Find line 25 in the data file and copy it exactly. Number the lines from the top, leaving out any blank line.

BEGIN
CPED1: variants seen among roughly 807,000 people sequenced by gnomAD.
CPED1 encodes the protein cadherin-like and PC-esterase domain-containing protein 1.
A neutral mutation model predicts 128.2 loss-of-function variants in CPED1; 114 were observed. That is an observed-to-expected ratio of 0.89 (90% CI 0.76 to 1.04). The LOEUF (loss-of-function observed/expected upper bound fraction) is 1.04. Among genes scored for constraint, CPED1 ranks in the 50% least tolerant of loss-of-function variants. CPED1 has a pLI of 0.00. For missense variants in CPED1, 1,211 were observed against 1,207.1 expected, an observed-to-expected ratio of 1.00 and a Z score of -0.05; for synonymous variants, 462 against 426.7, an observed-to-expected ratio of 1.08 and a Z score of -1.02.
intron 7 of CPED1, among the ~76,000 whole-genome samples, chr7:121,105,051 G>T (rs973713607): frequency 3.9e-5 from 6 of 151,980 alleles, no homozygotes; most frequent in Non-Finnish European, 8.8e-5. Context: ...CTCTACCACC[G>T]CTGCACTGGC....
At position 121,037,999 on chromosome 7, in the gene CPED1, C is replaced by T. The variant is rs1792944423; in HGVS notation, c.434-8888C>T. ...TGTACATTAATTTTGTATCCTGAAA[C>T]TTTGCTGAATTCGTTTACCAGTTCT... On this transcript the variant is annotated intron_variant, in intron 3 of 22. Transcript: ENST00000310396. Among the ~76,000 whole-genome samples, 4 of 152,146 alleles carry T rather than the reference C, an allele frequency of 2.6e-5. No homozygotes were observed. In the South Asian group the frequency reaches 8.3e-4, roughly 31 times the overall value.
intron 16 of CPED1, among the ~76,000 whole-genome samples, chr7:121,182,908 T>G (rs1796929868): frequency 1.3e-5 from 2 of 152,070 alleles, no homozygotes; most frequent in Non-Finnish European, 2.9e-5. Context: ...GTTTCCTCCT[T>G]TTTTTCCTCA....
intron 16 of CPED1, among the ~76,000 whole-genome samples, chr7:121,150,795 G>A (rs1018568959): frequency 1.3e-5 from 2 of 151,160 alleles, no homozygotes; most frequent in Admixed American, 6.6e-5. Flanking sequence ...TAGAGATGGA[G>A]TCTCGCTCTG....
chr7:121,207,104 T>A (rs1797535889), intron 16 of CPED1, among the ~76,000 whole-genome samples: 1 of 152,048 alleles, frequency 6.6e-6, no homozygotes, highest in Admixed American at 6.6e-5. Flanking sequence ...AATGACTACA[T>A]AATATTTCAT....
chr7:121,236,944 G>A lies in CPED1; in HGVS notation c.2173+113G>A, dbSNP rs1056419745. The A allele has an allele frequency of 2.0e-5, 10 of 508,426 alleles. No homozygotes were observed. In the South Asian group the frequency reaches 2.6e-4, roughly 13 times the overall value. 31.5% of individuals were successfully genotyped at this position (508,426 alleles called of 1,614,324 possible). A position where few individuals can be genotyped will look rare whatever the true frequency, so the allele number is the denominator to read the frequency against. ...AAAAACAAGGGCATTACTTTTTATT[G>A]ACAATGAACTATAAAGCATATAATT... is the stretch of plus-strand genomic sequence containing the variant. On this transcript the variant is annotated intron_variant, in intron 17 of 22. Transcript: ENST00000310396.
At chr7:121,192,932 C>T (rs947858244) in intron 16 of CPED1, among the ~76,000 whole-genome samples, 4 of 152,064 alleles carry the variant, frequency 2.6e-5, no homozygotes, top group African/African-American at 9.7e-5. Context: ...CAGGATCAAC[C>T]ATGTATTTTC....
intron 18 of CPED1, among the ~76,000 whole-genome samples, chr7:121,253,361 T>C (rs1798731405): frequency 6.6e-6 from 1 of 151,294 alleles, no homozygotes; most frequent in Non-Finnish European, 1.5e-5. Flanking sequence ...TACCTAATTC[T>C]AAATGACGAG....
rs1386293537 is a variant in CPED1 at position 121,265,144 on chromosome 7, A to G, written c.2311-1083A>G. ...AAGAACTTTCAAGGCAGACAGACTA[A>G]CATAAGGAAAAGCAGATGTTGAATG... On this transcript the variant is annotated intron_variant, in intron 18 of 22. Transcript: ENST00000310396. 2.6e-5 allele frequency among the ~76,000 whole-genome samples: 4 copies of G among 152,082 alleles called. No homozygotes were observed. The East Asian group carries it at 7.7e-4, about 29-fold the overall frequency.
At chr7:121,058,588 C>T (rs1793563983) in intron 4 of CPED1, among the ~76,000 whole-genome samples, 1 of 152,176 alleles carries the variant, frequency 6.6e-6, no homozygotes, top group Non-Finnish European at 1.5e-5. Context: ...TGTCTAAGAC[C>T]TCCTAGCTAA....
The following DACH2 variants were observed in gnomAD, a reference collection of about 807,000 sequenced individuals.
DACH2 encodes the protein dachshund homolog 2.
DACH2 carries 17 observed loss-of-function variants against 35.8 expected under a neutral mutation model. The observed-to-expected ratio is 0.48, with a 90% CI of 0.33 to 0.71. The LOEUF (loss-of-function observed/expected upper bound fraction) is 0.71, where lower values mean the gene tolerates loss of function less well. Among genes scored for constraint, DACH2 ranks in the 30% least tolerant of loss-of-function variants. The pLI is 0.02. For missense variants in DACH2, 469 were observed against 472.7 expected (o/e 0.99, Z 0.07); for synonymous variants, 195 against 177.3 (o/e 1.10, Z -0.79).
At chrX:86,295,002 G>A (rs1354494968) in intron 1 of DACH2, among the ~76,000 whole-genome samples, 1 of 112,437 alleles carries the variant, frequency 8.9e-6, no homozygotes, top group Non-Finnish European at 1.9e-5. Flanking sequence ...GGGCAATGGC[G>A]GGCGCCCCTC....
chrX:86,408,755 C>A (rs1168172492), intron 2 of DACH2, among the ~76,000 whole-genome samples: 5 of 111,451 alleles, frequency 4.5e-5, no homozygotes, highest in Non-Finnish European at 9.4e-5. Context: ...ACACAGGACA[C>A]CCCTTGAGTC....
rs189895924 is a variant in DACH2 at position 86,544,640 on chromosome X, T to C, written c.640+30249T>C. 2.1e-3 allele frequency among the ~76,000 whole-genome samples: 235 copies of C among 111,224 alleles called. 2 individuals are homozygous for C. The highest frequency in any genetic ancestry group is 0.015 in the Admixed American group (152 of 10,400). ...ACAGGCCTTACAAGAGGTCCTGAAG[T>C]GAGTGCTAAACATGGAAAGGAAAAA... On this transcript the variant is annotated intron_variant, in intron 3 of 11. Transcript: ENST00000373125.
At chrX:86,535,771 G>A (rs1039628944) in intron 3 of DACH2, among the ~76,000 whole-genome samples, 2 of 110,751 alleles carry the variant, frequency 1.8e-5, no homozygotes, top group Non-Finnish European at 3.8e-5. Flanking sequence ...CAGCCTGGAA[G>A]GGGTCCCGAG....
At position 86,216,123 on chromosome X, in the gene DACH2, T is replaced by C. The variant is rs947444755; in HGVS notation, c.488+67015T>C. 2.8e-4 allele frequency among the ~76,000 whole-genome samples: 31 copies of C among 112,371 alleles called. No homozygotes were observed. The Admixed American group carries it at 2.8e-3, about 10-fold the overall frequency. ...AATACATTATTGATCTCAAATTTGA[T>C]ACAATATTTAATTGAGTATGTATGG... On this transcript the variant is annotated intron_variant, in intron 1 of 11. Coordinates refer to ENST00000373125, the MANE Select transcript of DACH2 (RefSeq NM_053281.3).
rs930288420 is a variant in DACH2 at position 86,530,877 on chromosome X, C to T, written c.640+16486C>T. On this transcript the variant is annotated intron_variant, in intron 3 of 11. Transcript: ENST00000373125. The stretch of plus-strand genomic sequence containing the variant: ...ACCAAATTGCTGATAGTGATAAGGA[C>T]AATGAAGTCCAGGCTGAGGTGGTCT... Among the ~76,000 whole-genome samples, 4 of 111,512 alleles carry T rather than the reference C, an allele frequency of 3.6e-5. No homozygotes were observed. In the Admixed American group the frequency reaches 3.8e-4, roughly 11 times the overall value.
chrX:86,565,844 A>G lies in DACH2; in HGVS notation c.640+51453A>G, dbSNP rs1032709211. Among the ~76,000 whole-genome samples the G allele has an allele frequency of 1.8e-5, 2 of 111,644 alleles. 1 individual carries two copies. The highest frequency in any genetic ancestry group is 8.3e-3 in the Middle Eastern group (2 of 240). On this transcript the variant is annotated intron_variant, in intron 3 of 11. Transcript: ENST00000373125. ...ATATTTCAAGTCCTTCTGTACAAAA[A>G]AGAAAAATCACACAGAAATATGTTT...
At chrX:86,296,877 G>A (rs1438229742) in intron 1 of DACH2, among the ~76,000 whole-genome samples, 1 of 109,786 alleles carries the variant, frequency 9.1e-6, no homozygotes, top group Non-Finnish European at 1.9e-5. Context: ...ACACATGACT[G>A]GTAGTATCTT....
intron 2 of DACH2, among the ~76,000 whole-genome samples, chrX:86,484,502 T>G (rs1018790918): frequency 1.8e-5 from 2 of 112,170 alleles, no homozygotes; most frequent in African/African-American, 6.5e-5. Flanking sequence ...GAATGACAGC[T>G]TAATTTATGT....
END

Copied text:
intron 2 of DACH2, among the ~76,000 whole-genome samples, chrX:86,484,502 T>G (rs1018790918): frequency 1.8e-5 from 2 of 112,170 alleles, no homozygotes; most frequent in African/African-American, 6.5e-5. Flanking sequence ...GAATGACAGC[T>G]TAATTTATGT....